Running001All of a sudden another week’s gone by without any exercise. I hope I’m not the only one who’s had a few weeks like that. It always seems like there’s something else to do, and the things that we “should” do keep getting pushed off. Really, the 1997 World Series of Poker is a can’t-miss TV event, and the 23 messages in my Inbox just had to get read right away. You’d think that I’d have learned that 23 new messages really means 22 spam messages, plus the one I sent myself from work reminding me to write something on my weblog.

Ok, ok – I’m finally going to get to the point. Most of us know that exercising is important, for both our physical and mental health. But how do we stop putting it off? There’s no law against skipping tonight’s run, and we aren’t going to be fired for not going to the gym. However, we have to try to find ways to get ourselves motivated to take those first steps. I’m going to share a few of the things that I have used in the past:

1. Create your own big looming deadline.

Last summer, I had been running off and on from May through August. I’d go twice one week, then do absolutely nothing for two weeks. My friend Jill was training for a half marathon, and as a warm-up, she was running a 15km race right here in Kitchener (the course actually was along part of my semi-regular running route). Somehow, two weeks before the event, she convinced me to sign up and run it with her – even though I hadn’t run in about three weeks, and don’t think I’d ever run 15km in my life.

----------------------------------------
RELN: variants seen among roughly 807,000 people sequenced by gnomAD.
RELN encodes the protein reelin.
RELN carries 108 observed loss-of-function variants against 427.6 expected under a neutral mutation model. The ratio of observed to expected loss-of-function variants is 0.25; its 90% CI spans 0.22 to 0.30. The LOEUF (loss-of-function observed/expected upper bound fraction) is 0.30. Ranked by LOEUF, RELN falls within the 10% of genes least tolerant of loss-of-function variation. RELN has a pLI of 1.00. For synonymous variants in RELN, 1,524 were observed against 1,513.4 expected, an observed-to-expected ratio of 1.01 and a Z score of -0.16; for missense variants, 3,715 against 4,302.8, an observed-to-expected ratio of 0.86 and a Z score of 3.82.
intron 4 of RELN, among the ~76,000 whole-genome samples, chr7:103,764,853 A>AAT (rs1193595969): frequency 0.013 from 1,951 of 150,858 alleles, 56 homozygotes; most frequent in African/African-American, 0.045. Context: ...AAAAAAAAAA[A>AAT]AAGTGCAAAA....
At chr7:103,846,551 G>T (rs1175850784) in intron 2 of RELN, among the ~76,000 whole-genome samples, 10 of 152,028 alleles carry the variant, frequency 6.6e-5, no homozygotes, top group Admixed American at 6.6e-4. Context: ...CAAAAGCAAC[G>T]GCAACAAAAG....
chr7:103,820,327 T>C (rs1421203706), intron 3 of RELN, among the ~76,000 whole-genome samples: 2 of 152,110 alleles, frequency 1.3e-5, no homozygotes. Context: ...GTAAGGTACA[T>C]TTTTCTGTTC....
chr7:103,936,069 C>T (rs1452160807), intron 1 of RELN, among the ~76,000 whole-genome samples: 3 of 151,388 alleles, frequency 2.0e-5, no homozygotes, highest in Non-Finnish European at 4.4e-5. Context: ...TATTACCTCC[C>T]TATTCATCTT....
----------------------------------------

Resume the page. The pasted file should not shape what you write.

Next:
Now, I’m pretty competitive, so signing up for a race gave me some real motivation, mainly just to not come in dead last. I think I ran just about every day in the two weeks before that race. When race day came, I was pretty satisfied with the results. For those of you who care, I finished in one hour and four minutes, which wasn’t too bad for my first race ever.

Anyway, my point is that we can create our own external deadlines to make sure we follow through on our exercise plans. Sign up for an event, whether it’s a competitive race or a charitable fundraiser. Having to participate in something will be a huge motivating factor! You’ll want to make sure you’re ready for it, and to be ready, you’ll have to get out and exercise!

How to choose an event? My advice would be to choose something that’s going to challenge you – but make sure you know what your limits are. For some people, it might be running your first marathon. For others, a 5km walk would be a good goal. And just because I talk about running, remember that there’s a whole world of sports and activities out there for you to try! Choose something that’s going to keep you interested!

Oh, and make sure that there’s no way that you can get out of the event without some significant penalties. Pick one with a non-refundable entry fee – that way you’ll feel like you’re wasting your money if you don’t do it. It’s just one more little thing to keep you committed – and the more things that motivate you to participate, the better!